When: Tuesday, March 2nd, 2010, 6-8pm
Location: Hill Country Barbecue Market is located at 30 West 26th St., NY.
Each year I’m dismayed at the lack of U.S. distribution for several high quality theatrical animated features, out of the dozens of really good ones, produced around the world.
However, I recognize that not all non-U.S. features are of the quality of The Secret of Kells, Persepolis, Waltz With Bashir or The Triplettes of Belleville. Here are two examples of recent Euro-features that will probably never see the light of day at an American multi-plex (though I wouldn’t rule them out from the $1 dollar bin at Target):
Once each year at the DeMille Barn in Hollywood, the Animation Guild, ASIFA-Hollywood and Women In Animation present An Afternoon of Remembrance, “a non-denominational celebration of departed friends from our animation community”.
This year the event takes place on Saturday, March 13th, at 1pm (A reception precedes the memorial at 12 noon). Tributes will be paid to many, including:
Wayne Allwine, Ray Aragon, Dina Babbitt, Bob Broughton, Art Clokey, Vincent Davis, Virginia Davis, Jaime Diaz, Roy E. Disney, Bob Dranko, Heinz Edelmann, Ric Estrada, Victor Haboush, Dallas McKennon, Marty Murphy, Tony Peters, Arnold Stang and others.
The Afternoon of Remembrance is free of charge and is open to all. No RSVPs necessary. Food and refreshments, 12 noon, Memoriams, 1 pm. The Hollywood Heritage Museum (Lasky-DeMille Barn) is located at 2100 N. Highland Ave. (across from Hollywood Bowl) in Hollywood, California.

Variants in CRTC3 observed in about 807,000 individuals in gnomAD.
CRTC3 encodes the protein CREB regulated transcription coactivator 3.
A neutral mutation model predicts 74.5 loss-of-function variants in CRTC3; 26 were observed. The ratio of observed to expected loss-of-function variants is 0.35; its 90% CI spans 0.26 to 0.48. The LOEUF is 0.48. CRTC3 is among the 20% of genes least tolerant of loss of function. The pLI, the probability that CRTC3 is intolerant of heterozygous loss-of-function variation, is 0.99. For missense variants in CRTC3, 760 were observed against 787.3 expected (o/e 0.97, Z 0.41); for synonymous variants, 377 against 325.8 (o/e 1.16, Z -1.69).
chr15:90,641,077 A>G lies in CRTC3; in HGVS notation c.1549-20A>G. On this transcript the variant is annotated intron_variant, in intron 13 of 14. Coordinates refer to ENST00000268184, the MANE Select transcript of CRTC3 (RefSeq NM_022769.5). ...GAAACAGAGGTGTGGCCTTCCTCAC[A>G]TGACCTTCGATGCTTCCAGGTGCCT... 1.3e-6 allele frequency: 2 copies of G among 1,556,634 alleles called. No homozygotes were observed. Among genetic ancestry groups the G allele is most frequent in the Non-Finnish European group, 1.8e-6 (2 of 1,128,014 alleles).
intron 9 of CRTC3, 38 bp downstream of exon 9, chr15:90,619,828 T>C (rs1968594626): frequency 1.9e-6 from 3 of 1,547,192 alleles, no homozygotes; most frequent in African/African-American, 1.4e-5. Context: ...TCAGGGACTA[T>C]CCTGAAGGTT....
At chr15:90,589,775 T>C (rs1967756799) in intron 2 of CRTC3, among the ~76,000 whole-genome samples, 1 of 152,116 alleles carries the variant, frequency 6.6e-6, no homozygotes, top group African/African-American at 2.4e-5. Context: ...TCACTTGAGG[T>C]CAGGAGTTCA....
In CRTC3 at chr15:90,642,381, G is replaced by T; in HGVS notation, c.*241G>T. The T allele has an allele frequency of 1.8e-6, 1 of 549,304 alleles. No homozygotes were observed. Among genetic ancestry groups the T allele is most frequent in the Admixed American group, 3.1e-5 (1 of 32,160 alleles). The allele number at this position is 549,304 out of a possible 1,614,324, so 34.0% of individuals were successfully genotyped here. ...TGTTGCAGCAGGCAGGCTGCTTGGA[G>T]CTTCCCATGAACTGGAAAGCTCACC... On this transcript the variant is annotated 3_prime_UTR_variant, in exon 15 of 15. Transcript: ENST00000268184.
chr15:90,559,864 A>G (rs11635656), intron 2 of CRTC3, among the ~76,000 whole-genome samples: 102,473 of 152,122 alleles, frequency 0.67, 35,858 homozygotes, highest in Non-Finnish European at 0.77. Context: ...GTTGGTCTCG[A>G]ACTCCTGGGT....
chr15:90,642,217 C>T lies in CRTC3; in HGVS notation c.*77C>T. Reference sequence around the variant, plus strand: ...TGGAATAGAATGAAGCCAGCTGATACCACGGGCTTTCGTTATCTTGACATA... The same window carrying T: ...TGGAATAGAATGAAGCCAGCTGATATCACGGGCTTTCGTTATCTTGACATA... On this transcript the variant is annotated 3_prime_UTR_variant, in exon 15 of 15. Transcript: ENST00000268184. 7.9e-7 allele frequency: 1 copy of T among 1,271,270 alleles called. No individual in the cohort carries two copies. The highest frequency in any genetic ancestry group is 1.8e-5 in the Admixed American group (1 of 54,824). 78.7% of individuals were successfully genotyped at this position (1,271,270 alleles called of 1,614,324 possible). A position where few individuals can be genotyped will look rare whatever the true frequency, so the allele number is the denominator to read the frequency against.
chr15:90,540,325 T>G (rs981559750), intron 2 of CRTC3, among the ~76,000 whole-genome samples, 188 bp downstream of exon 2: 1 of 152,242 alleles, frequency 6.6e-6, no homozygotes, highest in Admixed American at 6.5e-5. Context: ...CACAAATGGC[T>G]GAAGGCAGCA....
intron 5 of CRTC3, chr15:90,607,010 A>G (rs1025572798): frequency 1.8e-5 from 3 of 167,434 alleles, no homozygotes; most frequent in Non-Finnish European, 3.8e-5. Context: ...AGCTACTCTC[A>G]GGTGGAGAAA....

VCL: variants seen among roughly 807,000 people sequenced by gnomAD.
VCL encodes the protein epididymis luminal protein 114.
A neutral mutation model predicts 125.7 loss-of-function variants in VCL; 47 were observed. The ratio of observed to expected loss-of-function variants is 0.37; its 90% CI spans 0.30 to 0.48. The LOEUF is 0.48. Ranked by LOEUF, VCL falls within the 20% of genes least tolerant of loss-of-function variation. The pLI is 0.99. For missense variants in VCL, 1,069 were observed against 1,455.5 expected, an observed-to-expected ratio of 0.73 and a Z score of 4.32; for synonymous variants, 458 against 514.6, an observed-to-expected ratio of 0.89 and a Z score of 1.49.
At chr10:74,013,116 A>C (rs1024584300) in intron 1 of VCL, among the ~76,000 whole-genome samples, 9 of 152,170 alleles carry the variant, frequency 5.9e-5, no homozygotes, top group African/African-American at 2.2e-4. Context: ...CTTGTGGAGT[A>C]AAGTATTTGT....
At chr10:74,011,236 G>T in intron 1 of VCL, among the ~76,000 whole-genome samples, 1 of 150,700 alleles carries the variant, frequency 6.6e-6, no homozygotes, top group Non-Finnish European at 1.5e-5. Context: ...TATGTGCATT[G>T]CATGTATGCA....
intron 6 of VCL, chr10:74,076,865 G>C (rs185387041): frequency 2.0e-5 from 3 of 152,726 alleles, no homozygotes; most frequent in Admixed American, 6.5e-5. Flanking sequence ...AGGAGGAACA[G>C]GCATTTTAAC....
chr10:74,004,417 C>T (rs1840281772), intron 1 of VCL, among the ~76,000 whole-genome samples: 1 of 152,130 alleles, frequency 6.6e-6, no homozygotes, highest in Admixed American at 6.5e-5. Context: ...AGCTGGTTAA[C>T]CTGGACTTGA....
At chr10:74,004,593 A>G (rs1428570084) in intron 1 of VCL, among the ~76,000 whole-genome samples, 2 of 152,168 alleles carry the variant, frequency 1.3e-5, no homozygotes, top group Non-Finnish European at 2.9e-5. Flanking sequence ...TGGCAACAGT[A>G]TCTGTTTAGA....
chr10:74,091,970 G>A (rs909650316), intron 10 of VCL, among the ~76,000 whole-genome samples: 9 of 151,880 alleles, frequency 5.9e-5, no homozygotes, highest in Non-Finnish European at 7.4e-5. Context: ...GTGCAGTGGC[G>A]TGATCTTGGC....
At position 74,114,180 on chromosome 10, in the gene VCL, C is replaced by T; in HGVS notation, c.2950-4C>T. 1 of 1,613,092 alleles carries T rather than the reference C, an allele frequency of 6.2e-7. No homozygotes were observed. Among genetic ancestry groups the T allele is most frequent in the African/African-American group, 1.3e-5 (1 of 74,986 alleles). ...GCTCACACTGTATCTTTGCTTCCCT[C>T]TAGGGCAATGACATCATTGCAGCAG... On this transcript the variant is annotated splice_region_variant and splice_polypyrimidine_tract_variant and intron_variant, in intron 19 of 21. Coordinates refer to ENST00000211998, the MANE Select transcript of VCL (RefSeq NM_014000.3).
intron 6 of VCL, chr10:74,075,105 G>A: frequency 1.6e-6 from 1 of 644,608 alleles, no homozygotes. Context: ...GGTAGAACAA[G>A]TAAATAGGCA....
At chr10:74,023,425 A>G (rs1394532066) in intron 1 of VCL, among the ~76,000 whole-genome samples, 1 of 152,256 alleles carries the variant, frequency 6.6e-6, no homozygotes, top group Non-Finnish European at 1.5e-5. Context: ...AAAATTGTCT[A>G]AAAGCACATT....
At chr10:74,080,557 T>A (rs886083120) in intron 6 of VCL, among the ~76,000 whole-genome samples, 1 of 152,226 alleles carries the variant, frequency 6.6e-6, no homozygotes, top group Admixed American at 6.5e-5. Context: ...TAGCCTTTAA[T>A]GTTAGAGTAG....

Here’s a heads up on Quantum Quest – the Movie, a 50 minute 3-D Large Format film with an amazing ensemble cast of recognizable voice actors, a lame story and cliche characters & dialogue. It has Delgo written all over it. It opens in museums and Imax Theatres starting this month.
This is an animated short using audio of David Lynch recounting the time he met George Lucas about possibly directing Return of The Jedi. Animator Sascha Ciezata says, “This was shot entirely with my iPhone 3G using the iMotion app. I take credit for the crude illustrations. Enjoy…”
The animated music videos above and below weren’t created to be seen this way. They are the creations of a “motion design” company called Naked. They are used as backdrop light shows for concerts and special musical events. The one above is synced to a track by Canadian pop singer Coeur De Pirate (Beatrice Martin). Directly below is a visual to accompany French DJ David Guetta; below that, a video backdrop for Mika (Michael Holbrook Penniman Jr.) followed by a video of his performance in concert, with the animation in use behind him.
Until Asifa-Hollywood posts the official videos of this year’s Annie Awards (2/5/10 at UCLA’s Royce Hall), we’ll have to do with hand-held shakey cam videos popping up on You Tube. This one was shot from the nose-bleed seats, and the center screen is too bright to be properly photographed, but it does give you a sense of the event – It’s the first seven minutes of the ceremony, which includes a gag video of Tom Kenny battling William Shatner ala a sequence from Star Trek (“Arena“); Shatner’s opening remarks; and Seth Green presenting the Home Entertainment Award to Futurama’s creators.
ABP is an annual New York festival dedicated to showcasing the world’s best independent, professional and student animation. The Best of Animation Block Party will be screening at the New Beverly Cinema in Hollywood on Thursday February 18, 2010 at 7:30pm and 10:00pm.
This program is highly recommended. A complete list of the films being shown is listed here. Filmmakers in attendance at screenings include Mike Hollingsworth, Rebecca Sugar, Max Winston, Turner Lange, Ben Li and Caroline Foley. Both shows will be introduced by ABP founder, Casey Safron. You can buy tickets online at Brown Paper Tickets.com.